Well, spring is finally sprung and Yorkshire’s fields are greening up nicely, with an army of tractors buzzing about tending the crops to get them off to the best possible start.
As an arable farmer myself this is always an exciting time of year. The season ahead seems full of promise and my natural optimism is riding high.
On my farm near Knaresborough things are coming on well – both our commercial cereal and environmental ‘crops’. Over the last ten years I have developed a range of wildlife-friendly environmental features across the farm – things like grassy margins that my resident barn owls hunt in, areas sown with plants that provide food for farmland birds and beetle banks that provide habitats for insects. I have also been involved with the Campaign for the Farmed Environment which encourages and logs voluntary environmental management by farmers.
This is something I’m proud of, and after a decade everything is well established. We are now really starting to see the benefits for the animals, birds and insects that share the land with us. But here’s the rub - as a tenant farmer, with rent to pay, every aspect of my farm has to pay its way. With farmgate prices increasingly unpredictable and the food production costs on the increase, money is tight.
I am therefore very concerned about the impact of impending changes to the way environmental management is funded in England. The measures I have introduced cost money. Not only is there the initial cost of seed, materials, and so on but where the measure involves taking land out of production, there is a knock-on cost. Introducing these measures means that I can grow less wheat or barley and that affects income.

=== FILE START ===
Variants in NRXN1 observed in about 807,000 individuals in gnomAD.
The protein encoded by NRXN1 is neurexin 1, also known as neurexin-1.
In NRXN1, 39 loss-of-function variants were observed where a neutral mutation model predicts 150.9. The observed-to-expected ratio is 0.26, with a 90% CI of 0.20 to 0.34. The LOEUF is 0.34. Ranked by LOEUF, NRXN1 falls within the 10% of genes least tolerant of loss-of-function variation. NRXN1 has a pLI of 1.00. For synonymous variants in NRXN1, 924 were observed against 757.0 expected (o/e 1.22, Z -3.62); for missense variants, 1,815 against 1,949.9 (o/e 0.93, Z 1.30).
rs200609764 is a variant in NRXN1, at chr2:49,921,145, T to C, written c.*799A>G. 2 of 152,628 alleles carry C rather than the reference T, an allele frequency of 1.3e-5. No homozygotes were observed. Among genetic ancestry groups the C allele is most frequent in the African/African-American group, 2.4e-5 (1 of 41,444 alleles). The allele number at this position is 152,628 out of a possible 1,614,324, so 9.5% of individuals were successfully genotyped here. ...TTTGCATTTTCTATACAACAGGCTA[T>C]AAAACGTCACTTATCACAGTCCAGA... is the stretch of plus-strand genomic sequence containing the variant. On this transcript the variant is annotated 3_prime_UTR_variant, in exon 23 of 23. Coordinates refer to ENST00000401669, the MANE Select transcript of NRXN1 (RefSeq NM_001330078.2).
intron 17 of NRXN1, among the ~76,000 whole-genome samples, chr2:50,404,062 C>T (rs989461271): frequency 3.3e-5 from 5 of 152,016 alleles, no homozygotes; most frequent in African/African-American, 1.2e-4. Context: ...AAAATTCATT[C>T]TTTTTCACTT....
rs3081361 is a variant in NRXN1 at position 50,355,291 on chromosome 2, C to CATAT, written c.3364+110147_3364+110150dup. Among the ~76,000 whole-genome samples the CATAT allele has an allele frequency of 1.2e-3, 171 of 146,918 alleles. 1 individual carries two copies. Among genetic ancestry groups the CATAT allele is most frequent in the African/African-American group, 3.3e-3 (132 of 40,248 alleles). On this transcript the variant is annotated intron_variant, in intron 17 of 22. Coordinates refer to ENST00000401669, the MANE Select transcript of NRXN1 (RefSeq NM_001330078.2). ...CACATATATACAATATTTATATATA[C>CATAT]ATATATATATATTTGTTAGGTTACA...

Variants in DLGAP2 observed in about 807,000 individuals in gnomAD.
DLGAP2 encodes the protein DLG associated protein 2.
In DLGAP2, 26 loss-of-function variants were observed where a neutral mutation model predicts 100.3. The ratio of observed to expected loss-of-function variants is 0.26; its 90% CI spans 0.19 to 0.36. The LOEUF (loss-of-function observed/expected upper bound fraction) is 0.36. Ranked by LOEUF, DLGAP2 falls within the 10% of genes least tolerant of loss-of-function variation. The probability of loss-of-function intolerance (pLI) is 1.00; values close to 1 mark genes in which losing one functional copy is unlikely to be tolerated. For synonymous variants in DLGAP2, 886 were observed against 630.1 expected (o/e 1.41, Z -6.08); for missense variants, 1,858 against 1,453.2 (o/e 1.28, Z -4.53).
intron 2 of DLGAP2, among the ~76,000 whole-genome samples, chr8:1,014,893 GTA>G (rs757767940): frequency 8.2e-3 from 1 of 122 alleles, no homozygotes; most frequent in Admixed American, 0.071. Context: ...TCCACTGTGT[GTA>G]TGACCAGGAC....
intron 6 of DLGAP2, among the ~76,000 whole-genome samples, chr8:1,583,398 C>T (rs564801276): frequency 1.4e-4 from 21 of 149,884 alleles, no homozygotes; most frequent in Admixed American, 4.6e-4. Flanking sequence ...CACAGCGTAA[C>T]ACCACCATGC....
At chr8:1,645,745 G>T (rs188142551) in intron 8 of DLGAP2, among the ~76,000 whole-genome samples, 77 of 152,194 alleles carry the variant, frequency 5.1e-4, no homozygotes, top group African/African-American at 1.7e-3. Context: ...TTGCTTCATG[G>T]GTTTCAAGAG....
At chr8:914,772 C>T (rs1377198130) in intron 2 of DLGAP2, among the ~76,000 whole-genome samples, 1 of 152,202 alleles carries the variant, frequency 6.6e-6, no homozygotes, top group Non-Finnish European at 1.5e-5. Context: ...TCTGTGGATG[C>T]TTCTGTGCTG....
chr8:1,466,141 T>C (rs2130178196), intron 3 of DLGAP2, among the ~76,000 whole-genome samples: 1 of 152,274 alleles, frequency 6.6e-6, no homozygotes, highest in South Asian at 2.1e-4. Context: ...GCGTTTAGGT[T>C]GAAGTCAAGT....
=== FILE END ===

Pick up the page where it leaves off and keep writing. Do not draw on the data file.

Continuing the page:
For the last decade farmers have been able to apply for funding to help cover these costs. In my case these ‘agri-environment’ payments have made it possible for me to achieve what I have on my farm. And I am not alone. It’s estimated that 75 per cent of farmland in England is managed as part of an agri-environment scheme.
This approach is now set to change – partly in response to falling budgets across the EU but also because farmers will soon have to meet more environmental requirements as part of the Common Agricultural Policy.
As a result agri-environment schemes are set to become more targeted, and access will be limited to those managing specific landscapes prioritised by government agencies.
This is a fundamental change and will mean in my case that I’m very unlikely to be able to renew my agri-environment agreement. Some of what I have developed will continue, but as the new CAP regime will mean taking land out of production anyway, some of what I have achieved over the last decade will sadly no longer stack up.
It is incredibly frustrating as I have got increasingly ‘into’ this aspect of my farm. What is such a shame is that instead of working with the vast majority of farmers to deliver something widely valued by society, we will soon see many left in the position where there are certain things they will have to do – whether that works for their farm or not – but there will be nothing in place to encourage a more holistic approach. I still believe farmers will continue to do what they can voluntarily, but only time will tell how Yorkshire’s countryside will look next spring.
l Richard Tesseyman farms at Staveley near Knaresborough and is a member of the NFU.